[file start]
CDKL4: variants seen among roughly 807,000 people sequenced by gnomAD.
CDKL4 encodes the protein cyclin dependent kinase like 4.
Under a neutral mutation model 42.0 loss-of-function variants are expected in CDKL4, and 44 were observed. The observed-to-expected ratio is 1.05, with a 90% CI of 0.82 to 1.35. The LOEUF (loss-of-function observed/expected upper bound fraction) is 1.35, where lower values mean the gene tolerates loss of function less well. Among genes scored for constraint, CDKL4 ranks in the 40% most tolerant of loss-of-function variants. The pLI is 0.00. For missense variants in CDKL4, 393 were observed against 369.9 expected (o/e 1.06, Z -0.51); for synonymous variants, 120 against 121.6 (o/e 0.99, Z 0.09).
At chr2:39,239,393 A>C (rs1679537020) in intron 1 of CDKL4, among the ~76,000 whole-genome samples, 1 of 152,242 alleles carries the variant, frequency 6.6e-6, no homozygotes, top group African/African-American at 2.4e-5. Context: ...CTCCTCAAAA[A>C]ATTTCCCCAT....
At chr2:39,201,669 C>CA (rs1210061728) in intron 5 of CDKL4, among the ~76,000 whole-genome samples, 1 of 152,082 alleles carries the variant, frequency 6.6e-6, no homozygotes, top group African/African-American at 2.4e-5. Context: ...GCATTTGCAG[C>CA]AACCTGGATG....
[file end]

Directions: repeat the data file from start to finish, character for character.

CDKL4: variants seen among roughly 807,000 people sequenced by gnomAD.
CDKL4 encodes the protein cyclin dependent kinase like 4.
Under a neutral mutation model 42.0 loss-of-function variants are expected in CDKL4, and 44 were observed. The observed-to-expected ratio is 1.05, with a 90% CI of 0.82 to 1.35. The LOEUF (loss-of-function observed/expected upper bound fraction) is 1.35, where lower values mean the gene tolerates loss of function less well. Among genes scored for constraint, CDKL4 ranks in the 40% most tolerant of loss-of-function variants. The pLI is 0.00. For missense variants in CDKL4, 393 were observed against 369.9 expected (o/e 1.06, Z -0.51); for synonymous variants, 120 against 121.6 (o/e 0.99, Z 0.09).
At chr2:39,239,393 A>C (rs1679537020) in intron 1 of CDKL4, among the ~76,000 whole-genome samples, 1 of 152,242 alleles carries the variant, frequency 6.6e-6, no homozygotes, top group African/African-American at 2.4e-5. Context: ...CTCCTCAAAA[A>C]ATTTCCCCAT....
At chr2:39,201,669 C>CA (rs1210061728) in intron 5 of CDKL4, among the ~76,000 whole-genome samples, 1 of 152,082 alleles carries the variant, frequency 6.6e-6, no homozygotes, top group African/African-American at 2.4e-5. Context: ...GCATTTGCAG[C>CA]AACCTGGATG....